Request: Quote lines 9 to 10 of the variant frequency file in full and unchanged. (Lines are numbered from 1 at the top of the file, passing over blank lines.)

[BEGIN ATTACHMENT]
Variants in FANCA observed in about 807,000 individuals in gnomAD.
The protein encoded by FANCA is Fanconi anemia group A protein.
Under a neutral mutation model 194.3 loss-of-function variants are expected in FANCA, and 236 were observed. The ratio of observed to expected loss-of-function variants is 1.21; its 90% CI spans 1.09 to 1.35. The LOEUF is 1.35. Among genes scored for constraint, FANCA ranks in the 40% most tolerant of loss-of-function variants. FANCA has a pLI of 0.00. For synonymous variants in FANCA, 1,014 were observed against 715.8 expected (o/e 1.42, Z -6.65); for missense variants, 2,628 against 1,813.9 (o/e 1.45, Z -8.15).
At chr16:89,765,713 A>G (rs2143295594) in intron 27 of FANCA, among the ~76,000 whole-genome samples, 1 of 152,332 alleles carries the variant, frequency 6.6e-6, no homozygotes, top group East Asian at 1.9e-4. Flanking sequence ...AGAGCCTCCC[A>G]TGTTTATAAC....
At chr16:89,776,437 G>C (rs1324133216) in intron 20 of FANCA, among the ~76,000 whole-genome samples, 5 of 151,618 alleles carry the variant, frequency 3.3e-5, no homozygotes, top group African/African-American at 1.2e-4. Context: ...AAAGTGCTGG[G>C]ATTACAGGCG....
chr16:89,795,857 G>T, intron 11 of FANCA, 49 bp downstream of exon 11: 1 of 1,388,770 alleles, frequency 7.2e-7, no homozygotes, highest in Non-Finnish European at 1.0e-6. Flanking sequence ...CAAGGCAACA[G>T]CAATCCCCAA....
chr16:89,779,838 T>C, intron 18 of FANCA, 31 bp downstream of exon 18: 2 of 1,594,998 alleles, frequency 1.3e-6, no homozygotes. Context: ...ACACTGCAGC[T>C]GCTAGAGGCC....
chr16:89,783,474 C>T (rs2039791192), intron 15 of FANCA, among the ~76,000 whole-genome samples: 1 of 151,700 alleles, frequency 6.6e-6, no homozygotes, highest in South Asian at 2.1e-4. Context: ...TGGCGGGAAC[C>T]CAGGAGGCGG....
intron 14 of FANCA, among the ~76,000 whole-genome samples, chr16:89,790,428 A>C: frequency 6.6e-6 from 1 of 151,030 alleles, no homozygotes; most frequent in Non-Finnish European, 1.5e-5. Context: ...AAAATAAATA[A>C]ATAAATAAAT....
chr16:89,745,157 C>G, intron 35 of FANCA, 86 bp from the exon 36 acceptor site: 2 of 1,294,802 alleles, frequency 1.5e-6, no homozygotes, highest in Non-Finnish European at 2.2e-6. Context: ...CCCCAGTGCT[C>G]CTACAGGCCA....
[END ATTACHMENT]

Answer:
intron 14 of FANCA, among the ~76,000 whole-genome samples, chr16:89,790,428 A>C: frequency 6.6e-6 from 1 of 151,030 alleles, no homozygotes; most frequent in Non-Finnish European, 1.5e-5. Context: ...AAAATAAATA[A>C]ATAAATAAAT....
chr16:89,745,157 C>G, intron 35 of FANCA, 86 bp from the exon 36 acceptor site: 2 of 1,294,802 alleles, frequency 1.5e-6, no homozygotes, highest in Non-Finnish European at 2.2e-6. Context: ...CCCCAGTGCT[C>G]CTACAGGCCA....